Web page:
- Who We Are
- Learn & Explore
- Protect the Coast
- Get Involved
Mile 157 Report
November 13, 2010
Drizzly day on Mile 157; my friend Patricia came along for the first time.
Drizzly day on Mile 157; my friend Patricia came along for the first time. Unusual number of dead birds (only once before have I found that many on this mile), but given that it's November and that most were northern fulmars, not that unusual. Most of the dead birds were very fresh, appeared to be juveniles. There were probably additional dead fulmars we didn't see. No crab molt at all; debris was almost entirely razor (and a few other) clam shells and tons of kelp--HUGE wads of kelp, and even several big rocks with kelp hold-fasts attached. Also an unusual number of large driftwood stumps on the beach. Saw almost no live birds (no sanderlings)--just a few gulls busy picking at the dead fulmars. There were large piles of debris at both beach trailheads; apparently beach walkers have collected debris and dumped it here for someone else to pack out.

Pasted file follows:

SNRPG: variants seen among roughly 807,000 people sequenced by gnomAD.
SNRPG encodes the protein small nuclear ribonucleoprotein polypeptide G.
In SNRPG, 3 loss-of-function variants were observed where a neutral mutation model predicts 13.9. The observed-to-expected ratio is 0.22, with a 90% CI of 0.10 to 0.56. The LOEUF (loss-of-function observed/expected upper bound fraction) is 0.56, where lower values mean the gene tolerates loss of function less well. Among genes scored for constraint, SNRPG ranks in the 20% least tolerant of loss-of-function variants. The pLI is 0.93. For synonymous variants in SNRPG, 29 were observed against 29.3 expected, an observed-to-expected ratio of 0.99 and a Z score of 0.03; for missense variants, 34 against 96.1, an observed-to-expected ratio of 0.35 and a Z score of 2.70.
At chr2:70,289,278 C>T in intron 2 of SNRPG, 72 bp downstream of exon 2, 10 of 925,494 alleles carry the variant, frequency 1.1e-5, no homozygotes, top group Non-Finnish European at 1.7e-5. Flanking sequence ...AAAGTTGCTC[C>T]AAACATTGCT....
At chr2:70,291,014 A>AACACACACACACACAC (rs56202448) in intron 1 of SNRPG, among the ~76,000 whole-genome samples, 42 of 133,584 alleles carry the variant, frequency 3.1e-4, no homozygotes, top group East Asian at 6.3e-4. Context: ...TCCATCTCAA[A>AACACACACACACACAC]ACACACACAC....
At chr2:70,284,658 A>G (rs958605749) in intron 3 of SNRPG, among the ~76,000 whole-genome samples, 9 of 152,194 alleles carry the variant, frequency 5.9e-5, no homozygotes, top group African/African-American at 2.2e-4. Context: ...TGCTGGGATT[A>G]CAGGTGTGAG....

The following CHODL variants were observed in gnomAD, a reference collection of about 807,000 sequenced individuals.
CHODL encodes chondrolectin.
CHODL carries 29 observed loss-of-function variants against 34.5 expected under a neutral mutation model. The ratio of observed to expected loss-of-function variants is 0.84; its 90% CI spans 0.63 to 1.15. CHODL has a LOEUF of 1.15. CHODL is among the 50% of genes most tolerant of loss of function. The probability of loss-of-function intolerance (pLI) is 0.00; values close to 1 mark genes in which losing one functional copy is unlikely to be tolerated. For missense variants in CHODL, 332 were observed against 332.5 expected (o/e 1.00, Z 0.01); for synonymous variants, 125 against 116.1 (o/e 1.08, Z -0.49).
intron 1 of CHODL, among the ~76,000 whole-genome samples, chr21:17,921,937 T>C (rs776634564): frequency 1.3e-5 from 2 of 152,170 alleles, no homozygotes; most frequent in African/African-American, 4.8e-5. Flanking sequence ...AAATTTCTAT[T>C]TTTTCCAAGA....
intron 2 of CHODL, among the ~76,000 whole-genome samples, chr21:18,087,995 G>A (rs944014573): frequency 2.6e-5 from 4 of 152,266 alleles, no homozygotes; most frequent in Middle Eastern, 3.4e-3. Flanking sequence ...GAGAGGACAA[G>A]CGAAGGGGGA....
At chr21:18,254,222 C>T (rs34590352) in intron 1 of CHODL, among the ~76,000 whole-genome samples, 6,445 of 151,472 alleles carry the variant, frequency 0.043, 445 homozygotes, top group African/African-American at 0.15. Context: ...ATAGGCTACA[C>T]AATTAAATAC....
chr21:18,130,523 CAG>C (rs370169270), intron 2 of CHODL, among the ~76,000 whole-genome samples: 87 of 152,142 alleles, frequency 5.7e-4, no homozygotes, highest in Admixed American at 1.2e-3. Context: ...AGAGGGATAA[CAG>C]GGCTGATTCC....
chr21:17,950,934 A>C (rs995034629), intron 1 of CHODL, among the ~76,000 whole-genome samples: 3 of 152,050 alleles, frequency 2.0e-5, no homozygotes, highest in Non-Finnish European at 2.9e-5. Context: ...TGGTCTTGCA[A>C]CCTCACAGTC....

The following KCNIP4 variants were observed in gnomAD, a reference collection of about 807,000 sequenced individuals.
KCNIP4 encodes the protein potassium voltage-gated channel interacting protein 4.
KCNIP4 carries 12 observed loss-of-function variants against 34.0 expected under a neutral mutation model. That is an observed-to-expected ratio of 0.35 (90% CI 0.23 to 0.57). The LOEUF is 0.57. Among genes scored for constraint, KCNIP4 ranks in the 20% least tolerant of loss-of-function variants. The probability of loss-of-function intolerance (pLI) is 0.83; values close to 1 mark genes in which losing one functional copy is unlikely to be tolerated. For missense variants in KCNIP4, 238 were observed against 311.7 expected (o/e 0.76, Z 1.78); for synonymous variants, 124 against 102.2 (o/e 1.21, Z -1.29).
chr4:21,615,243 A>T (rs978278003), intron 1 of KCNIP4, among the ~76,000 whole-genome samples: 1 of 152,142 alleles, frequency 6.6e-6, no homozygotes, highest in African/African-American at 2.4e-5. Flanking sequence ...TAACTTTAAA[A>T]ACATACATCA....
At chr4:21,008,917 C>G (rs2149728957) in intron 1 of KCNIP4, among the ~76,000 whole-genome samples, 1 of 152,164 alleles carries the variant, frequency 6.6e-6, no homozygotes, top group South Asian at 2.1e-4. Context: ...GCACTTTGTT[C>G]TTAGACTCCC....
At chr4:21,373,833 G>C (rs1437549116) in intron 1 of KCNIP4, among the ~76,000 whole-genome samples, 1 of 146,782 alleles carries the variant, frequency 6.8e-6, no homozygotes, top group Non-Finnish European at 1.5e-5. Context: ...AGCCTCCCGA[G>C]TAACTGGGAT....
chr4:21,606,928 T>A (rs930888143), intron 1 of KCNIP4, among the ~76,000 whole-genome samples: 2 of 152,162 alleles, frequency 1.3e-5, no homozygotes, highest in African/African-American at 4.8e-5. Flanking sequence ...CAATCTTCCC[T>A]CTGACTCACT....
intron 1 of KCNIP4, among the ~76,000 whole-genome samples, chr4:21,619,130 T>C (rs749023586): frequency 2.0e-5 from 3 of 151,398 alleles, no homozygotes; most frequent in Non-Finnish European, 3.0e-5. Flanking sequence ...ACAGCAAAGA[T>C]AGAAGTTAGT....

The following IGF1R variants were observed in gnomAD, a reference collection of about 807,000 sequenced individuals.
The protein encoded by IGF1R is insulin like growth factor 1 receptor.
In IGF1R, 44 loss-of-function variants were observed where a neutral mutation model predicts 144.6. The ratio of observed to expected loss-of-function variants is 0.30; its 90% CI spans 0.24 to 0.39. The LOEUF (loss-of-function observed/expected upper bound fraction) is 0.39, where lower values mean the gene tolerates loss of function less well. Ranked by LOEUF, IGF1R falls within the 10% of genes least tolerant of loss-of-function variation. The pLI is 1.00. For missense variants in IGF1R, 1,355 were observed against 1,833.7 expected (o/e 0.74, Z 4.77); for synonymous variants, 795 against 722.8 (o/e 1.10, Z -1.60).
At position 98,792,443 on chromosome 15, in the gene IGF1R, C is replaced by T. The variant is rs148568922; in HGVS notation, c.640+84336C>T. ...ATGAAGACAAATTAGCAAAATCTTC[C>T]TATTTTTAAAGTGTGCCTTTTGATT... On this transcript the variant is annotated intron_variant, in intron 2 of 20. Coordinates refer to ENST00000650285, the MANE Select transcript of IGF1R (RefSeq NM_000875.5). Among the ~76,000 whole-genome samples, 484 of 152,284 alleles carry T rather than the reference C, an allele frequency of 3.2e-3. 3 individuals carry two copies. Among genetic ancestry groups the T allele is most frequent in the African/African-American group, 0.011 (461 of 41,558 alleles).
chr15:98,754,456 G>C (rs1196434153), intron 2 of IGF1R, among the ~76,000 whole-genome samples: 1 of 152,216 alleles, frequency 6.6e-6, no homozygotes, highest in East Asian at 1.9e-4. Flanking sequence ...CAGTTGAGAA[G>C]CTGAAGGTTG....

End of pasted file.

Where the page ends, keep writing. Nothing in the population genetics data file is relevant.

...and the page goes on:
Number of people: 2. Walking or running: 2.
Cars/trucks parking: 6.
Total dead birds: 9. 7 northern fulmar1 rhinoceros auklet1 common murre
Stranded Marine Mammals
Total stranded mammals: 1. California sea lion, dead, fairly recent.
Seaweeds and seagrass, Shells, Wood pieces.
Erosion of vegetated foredune.
Actions & Comments
Foredune showed signs of recent erosion, but sand volume on beach still high (remains of fishing vessel Sanak not visible; buried under sand).
All Mile 157 Reports
It was another beautiful day on Mile 157, which we entered from the upper part of the Oregon Dunes Loop Trail.
Beautiful New Years Day at the beach, while it was cold and foggy in the valley.
Gorgeous day at the beach (crappy and cloudy and cold in Eugene).
There is a lot of buzz about whether the stuff on the beaches these days is from the tsunami.
Fair amount of ocean-borne debris, but unlike my last walk here about a month earlier, when the debris was d0ominated by Japanese plastic bottles (tsunami debris?